When you spend your life interpreting other peoples’ stories in other peoples’ voices, you must be careful not to lose sight of your own.
If your team is walking backwards while interpreting for a tour, it is your responsibility to make sure they don’t trip over anything, fall down any stairs or smash into any walls.
Make sure you turn off the “Send My Location” function on your cell phone when texting from a job site.
(Holy crap! That’s like a real RULE! How did that get in here?)
The title of this Note actually comes from a song I learned in church as a child.
Now, if you are concerned that I’m going to get all religiony or preachy with you don’t be. The religious song is just the framework, the structure upon which I can hang my point. As for preachy?
Well, preachy is a matter of personal interpretation.
One persons preachy is another persons useful advice (I think it depends on how the “advice” pokes your heart and mind. If it assures you, that’s one thing, but if hurts a bit or makes you think of a habit you already knew you needed to change, that is what most people call preachy).
Before you give into the temptation to think that the title of this Note as telling you that you need to volunteer more, of course you do, that’s not exactly my point.
The first verse of the song talks not about giving as in giving away, but about giving in the way of sharing:
My glowing fire, my loaf of bread, my roof’s safe shelter overhead that he too may be comforted…
Share what you have been given. And make no mistake, you have been given much.
Sometime, somewhere, someone pulled you aside and said, “I have something I can teach you that will make your journey smoother than mine. It will not make everything easy for you, but let me make it easier for you than it was for me.”
That mentor, hearing or Deaf, was given much and so they gave. Because they gave, you have something to give now.
It takes nothing away from you to help another interpreter get better at what they do. When you give of your time, energy and skill to lift another it improves the profession as a whole and opens doors for the Deaf community.
In the end it makes you better at what you do. You never really have a skill locked down until you teach it to another person.
Develop a true desire for the next generation of interpreters to be better, more skilled, more able than you ever hoped to be, ever dreamed of being and you will achieve more than you can imagine.
You may think, “but I am just getting the hang of this myself…”.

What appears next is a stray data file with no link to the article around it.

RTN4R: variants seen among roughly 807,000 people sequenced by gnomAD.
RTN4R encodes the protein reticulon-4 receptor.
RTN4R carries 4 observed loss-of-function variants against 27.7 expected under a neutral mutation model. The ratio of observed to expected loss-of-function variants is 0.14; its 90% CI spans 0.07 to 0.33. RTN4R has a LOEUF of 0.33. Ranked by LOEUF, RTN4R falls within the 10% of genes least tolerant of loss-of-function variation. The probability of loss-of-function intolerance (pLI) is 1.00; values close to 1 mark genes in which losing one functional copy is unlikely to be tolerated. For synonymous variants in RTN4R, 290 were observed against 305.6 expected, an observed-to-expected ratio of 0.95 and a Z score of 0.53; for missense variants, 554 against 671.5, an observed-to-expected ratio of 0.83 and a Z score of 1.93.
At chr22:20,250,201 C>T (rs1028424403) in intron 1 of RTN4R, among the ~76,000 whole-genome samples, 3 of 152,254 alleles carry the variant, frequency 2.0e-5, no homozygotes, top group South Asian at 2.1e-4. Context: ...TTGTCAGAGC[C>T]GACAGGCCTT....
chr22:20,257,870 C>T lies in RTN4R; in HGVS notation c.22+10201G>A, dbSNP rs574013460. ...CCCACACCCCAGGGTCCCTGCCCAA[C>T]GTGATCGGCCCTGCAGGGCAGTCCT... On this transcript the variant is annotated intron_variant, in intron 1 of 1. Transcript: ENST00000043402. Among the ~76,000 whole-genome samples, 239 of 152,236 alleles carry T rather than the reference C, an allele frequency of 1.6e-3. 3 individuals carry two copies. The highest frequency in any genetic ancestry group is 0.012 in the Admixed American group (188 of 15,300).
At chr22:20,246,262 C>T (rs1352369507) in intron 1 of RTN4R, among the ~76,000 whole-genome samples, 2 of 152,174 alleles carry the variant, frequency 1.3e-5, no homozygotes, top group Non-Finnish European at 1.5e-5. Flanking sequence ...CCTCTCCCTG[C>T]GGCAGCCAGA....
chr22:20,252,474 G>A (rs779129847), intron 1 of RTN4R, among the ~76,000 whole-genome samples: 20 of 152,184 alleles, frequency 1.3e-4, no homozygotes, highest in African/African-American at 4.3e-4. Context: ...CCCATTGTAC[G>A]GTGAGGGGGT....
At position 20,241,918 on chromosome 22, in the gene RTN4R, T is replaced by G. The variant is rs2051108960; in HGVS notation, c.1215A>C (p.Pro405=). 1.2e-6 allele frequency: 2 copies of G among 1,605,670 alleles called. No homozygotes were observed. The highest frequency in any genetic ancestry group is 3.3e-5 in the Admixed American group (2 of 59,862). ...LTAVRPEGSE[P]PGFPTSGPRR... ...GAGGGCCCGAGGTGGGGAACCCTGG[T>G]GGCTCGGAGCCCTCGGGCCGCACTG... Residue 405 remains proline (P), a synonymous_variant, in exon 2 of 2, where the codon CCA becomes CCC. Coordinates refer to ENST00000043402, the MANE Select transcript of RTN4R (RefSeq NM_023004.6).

You have something to offer even if you think you don’t.
I make a joke when I teach, “what is the difference between a teacher and a student? One chapter.”
You have something to offer. Even if it seems like a little, it means a lot.
You have been given much and so you have something to share.
…I will give love to those in need, I’ll show that love by word and deed, thus shall my thanks be thanks indeed.
Give back to the community that has given you so much. Give back in large and small ways. Give back in word and deed.
“Now,” you think, “now he is talking about volunteering.” Well of course you should volunteer. But that is still not exactly what I mean.
Think about where your skills and abilities are needed most and take them there.
Xenia Fretter said it best I think. “Sometimes,” she said, “we should choose to take the 2 hour appointment where our skills are needed over the all-day appointment, that pays better, but doesn’t require any specific skill or experience.”
Because we have been given much we should consider where we are needed most, not just what pays the most.
We must seek for a Deaf-heart. If you know the term but don’t know exactly what it means then that is your next mission.
…because I have been sheltered, fed by thy good care…
Each of us, at one time or another, has been sheltered and fed by the good care of another.
I will never forget, so many years ago, when I showed up at an appointment and realized very quickly that I was in over my head.
Then my team showed up.
I took a risk and shared my fears with this wonderful, kind, experienced interpreter. She looked at me and asked, “why do you think you’re not ready for this? If you think you don’t know enough ‘Signs,’ you do. It’s not a vocabulary test. If you think you don’t have the skills, you do. I’ve seen your work. I asked for you as my team. What you don’t have is the experience. You get that today. So, take a breath and do your best work. I’m not going to let you fall on your face. That would not be fair to the Client or to you.”